Quick Update And Preview

I spent most of today researching and working on some graphics for my next big article (should be interesting). I also spent time meeting and talking about investing in Russian Agriculture (update on this tomorrow too).

Here is a preview of some of the graphics for tomorrow's entry:




UPDATED: May 08, 2009 9:25 PM

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5 Responses to Quick Update And Preview

  1. Robert says:

    Eric,

    Nice diagrams. A couple of things..

    In the "normal short selling" diagram, 2 "the securities lender" includes many the broker's own customer accounts.

    In the "naked short selling" diagram, you've labeled the outbound arrow "IOU" but actually the trades that are posted to the "market" are always IOUs.. settlement takes place (or not) through another process. So really the arrow in the normal short selling diagram should also say "IOU".

    I think having a big block called "the market" may also confuse the issue since the broker dealer is always broking deals between two known parties (one of which may of course be another broker dealer acting on behalf of their own clients). The point is that many of these parties will already have relationships with the broker and so their securities may be immediately available for lending again as soon as they are "delivered".

  2. Robert said...
    In the "normal short selling" diagram, 2 "the securities lender" includes many the broker's own customer accounts.

    Yes, it does (all securities in margin accounts are availble to lending). I plan on mentioning this in my entry tomorrow.

    In the "naked short selling" diagram, you've labeled the outbound arrow "IOU" but actually the trades that are posted to the "market" are always IOUs.

    The graphics above are focused exclusively on the settlement part of (naked) short selling. In a normal short sale, an actual share (borrowed from a securities lender) is delivered to buyer. In a naked short sale, a "share entitlement" is delivered to buyer.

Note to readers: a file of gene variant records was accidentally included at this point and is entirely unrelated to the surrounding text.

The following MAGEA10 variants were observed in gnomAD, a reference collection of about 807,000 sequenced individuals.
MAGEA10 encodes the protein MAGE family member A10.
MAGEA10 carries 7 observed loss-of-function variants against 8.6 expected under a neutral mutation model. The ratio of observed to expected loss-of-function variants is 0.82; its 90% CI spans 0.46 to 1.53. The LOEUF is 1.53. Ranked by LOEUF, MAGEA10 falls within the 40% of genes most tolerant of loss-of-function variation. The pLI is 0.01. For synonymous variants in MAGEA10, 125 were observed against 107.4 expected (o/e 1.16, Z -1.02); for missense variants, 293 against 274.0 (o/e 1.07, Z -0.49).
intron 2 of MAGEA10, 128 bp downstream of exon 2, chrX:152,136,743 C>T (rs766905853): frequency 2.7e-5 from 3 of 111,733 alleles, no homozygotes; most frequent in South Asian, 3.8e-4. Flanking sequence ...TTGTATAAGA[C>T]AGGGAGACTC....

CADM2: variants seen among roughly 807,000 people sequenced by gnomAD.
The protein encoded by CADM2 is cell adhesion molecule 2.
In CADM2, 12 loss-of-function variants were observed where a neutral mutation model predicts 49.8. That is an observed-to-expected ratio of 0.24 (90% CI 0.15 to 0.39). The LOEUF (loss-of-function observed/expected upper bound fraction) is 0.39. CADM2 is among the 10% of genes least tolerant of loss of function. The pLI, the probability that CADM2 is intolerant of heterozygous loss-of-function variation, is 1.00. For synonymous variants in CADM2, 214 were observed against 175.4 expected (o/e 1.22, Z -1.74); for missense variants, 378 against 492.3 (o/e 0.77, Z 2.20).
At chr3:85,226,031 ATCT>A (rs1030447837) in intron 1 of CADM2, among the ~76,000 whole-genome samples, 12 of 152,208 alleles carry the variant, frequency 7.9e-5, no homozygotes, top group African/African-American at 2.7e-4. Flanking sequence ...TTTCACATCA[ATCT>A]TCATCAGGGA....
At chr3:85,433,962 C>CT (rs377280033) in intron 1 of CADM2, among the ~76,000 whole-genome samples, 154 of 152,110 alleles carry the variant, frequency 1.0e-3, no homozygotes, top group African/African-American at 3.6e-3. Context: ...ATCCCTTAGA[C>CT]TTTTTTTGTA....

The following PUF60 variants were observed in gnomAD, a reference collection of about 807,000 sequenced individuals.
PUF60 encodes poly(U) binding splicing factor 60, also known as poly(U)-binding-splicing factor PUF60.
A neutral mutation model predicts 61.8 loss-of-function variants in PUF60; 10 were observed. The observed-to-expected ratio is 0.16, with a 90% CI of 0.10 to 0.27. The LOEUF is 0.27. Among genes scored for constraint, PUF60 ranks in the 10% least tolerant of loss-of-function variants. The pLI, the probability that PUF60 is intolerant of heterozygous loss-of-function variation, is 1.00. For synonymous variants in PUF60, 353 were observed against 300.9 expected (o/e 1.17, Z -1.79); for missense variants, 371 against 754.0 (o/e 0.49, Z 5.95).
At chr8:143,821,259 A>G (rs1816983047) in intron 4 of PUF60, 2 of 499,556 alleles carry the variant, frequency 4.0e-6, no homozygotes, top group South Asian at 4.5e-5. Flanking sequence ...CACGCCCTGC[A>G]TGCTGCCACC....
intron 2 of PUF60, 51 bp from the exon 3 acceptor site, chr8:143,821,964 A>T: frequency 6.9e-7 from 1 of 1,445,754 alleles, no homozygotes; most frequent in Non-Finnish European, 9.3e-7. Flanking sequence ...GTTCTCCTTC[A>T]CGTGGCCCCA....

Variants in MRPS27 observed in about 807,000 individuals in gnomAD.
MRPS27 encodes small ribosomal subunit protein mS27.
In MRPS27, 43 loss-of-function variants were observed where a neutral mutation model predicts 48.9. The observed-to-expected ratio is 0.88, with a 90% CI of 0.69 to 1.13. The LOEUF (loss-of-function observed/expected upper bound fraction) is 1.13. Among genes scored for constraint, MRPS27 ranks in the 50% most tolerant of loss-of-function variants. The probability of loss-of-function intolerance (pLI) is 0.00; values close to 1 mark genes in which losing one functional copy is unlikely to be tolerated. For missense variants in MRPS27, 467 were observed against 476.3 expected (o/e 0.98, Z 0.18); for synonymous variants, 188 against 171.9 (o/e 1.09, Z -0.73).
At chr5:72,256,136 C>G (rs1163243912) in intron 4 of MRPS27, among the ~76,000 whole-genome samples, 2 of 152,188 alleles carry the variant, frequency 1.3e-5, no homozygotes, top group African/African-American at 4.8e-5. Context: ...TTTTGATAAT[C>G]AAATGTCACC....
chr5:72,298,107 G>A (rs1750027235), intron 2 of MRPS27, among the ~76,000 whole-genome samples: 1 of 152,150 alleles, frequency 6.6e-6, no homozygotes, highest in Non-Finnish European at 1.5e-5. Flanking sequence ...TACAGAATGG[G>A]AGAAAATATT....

settlement takes place (or not) through another process. So really the arrow in the normal short selling diagram should also say "IOU".

    Again, these are graphs of the settlement part of (naked) short selling. I assumed it would be understood, but I will make sure emphasize this in my article tomorrow. After all, whether a short sale is naked or not depends on what happens during the settlement of a trade: the "failure to deliver" of a share during settlement (because it was never borrowed) is what makes a short sale "naked".

  3. Robert says:

    Hi Eric,

    If what you want to illustrate is failures to deliver then the IOU arrow should be "delivery failure" or something like that.

    I am not entirely sure that delivery failures are what most people think of as naked short selling (although they are certainly related problems).

    The short selling regulations only require brokers to "locate" shares anyway - they don't actually need to borrow them in order to be legit.

    Also, settlement is always netted between counter parties so there is not always a need to actually settle some particular contracts.

  4. Robert says:

    Another thought;

    The net settlement transactions part is actually pretty important.

    Say you have a bunch of trades that go through on day 1 for settlement in 3 days (T-3);

    The important thing here is that all the trades done on the same day (T) are netted together during settlement.

    That means you can short in the morning, buy everything back in the afternoon and due to net settlement there is no settlement obligation in 3 days time.

  5. Robert said...
    If what you want to illustrate is failures to deliver then the IOU arrow should be "delivery failure" or something like that.

    A delivery failure creates a "share entitlement" (an official stock IOU).

    The short selling regulations only require brokers to "locate" shares anyway - they don't actually need to borrow them in order to be legit.

    True, but that is to be expected. It is very normal for the small lag (key word here is "small") between when something is paid for and when it is delivered. If you order a book on Amazon.com, it is ok for it to arrive a week later. However, if you order a book on Amazon.com and it arrives a year later, there is a problem.

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